Ask who invented the Internet and you’ll spark off an argument with everyone championed from DARPA to Nikola Tesla. However, two Stanford scientists claim that the inventor may have had six legs, antennae and a taste for disrupting picnics. Professor of biology Deborah Gordon and professor of computer science Balaji Prabhakar say that red harvester ants (Pogonomyrmex barbatus) use the same Transmission Control Protocol (TCP) in foraging that the internet uses to manage data transmissions – making a sort of “Anternet.”

A common image of an ant colony is that it’s the ultimate dictatorship, with each ant condemned to a life of total regimentation. It’s nice metaphor, but it’s actually false. In fact, in an ant colony, no one is in charge. True, there’s a queen, but she doesn’t do anything except lay eggs. As to the rest of the ants, no one makes decisions, no one tells anyone else what to do and no one supervises the work. This raises the question, how does anyone know what to do?

The answer is that they don’t. Instead, like computers, ants use algorithms. They follow a simple set of rules that tell each ant, “If this happens, do this.” For example, every morning harvester ants send out patrols to look for food. If no or few patroller ants return, then the forager ants who collect the food stay in the colony. However, if a large number of patrollers return, then the foragers leave the colony and follow the chemical trail left by the patrollers to the food.

It’s tempting to say that the foragers “know” that there’s food, but that’s not true. The foragers don’t know anything. They are simply and blindly obeying instructions that tell them how to react to what they encounter.

That ants use algorithms has been known for decades and is even used in computer science as a model for optimizing operations. What wasn’t known was just how much like computers ants really are. Gordon, who has been studying ants for 20 years, was observing the times at which harvester ants send out foragers. When she noticed a particular pattern of behavior, she called in Prabhakar, who soon had a revelation.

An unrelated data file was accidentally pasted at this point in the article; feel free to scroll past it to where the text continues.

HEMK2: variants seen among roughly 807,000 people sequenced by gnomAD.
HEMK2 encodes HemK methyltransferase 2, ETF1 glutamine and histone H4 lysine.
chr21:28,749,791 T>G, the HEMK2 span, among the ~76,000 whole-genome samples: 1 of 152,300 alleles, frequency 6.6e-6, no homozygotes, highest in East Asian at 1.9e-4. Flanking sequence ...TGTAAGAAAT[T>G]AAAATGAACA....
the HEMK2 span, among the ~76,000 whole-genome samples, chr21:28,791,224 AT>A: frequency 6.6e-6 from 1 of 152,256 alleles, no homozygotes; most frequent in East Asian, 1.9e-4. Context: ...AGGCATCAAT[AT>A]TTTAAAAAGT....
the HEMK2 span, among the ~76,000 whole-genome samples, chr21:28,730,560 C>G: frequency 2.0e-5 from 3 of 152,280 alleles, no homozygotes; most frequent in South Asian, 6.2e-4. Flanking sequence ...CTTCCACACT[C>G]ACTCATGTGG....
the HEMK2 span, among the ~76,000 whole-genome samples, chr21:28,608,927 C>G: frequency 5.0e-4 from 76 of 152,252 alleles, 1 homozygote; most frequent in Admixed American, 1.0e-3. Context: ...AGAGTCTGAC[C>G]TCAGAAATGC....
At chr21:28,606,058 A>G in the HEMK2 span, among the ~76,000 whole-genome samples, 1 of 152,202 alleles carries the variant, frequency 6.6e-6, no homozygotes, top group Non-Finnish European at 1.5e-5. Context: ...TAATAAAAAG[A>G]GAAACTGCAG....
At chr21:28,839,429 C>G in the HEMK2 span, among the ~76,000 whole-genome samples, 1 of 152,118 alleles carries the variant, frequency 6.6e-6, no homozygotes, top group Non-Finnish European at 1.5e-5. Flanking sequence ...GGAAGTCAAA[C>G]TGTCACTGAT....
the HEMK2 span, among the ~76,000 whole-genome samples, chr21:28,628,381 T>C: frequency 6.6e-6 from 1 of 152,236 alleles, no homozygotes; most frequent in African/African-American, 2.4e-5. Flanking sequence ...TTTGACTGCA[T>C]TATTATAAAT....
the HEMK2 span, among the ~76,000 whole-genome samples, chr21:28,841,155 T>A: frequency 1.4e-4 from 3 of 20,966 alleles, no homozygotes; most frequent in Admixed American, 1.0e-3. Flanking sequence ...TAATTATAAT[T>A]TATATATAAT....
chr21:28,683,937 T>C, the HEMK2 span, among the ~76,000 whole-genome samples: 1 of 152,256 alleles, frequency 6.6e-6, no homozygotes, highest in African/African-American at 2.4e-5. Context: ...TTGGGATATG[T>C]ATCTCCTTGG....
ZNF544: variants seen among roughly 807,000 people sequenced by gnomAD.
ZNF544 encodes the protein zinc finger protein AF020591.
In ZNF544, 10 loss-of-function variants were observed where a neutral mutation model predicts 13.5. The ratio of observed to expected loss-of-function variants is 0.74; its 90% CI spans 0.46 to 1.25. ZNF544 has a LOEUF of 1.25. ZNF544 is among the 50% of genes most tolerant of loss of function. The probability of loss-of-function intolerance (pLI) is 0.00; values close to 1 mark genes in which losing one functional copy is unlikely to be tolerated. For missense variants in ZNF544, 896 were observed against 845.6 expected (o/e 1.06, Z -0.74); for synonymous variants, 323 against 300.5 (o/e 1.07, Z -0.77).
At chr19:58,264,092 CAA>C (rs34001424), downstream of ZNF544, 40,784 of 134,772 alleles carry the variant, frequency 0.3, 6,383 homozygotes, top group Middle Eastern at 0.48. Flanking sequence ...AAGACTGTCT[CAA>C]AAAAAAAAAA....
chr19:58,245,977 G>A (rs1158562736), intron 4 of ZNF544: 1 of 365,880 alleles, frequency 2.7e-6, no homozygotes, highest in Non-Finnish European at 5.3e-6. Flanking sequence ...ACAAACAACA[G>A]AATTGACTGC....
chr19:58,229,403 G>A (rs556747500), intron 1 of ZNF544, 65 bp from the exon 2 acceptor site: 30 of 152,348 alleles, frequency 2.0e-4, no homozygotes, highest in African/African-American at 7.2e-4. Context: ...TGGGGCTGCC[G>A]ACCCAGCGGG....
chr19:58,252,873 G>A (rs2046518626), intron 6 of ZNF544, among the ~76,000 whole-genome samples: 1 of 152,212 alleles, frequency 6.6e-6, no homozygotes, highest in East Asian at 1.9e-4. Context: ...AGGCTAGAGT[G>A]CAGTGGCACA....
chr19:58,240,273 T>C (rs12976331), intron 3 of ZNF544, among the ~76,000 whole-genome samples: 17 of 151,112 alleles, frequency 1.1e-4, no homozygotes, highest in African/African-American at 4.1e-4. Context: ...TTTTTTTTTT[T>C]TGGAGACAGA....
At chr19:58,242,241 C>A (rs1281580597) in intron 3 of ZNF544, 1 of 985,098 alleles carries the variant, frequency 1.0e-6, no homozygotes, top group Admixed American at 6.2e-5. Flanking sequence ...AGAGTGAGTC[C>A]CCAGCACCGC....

"The next day it occurred to me, 'Oh wait, this is almost the same as how [internet] protocols discover how much bandwidth is available for transferring a file!'" Prabhakar said. "The algorithm the ants were using to discover how much food there is available is essentially the same as that used in the Transmission Control Protocol [TCP]."

Prof. Deborah Gordon

The TCP algorithm controls how the internet handles data. A computer breaks down a file into a set of packets. These are sent to another computer, which sends back a confirmation for each packet received. If these confirmations come back too slowly, then the transmitting computer slows down. If they come back quickly, it speeds up.

Harvester ants work the same way. A forager ant won’t come back to the colony until it finds food. If a lot of foragers find food, they return at a fast rate and more foragers are sent out. However, if few return, then few leave the colony. In both the internet and the ant colony, it all boils down to a question of bandwidth – except in the ants’ case, they’ve been doing it for millions of years.

They even anticipated the slow and fast phases of TCP. The TCP algorithm sends out a large number of packets at the start of a transmission to determine available bandwidth and then adjusts the speed accordingly. Harvester ants do the same thing by sending out a large number of foragers and then adjusting the rate. Also, like TCP, the ants will stop sending out foragers if none return in about 20 minutes.

Prabhakar believes that a study of ant algorithms could lead to simple, scalable distributed networks and other applications. However, it seems unlikely that these will involve replacing server farms with the ant variety.

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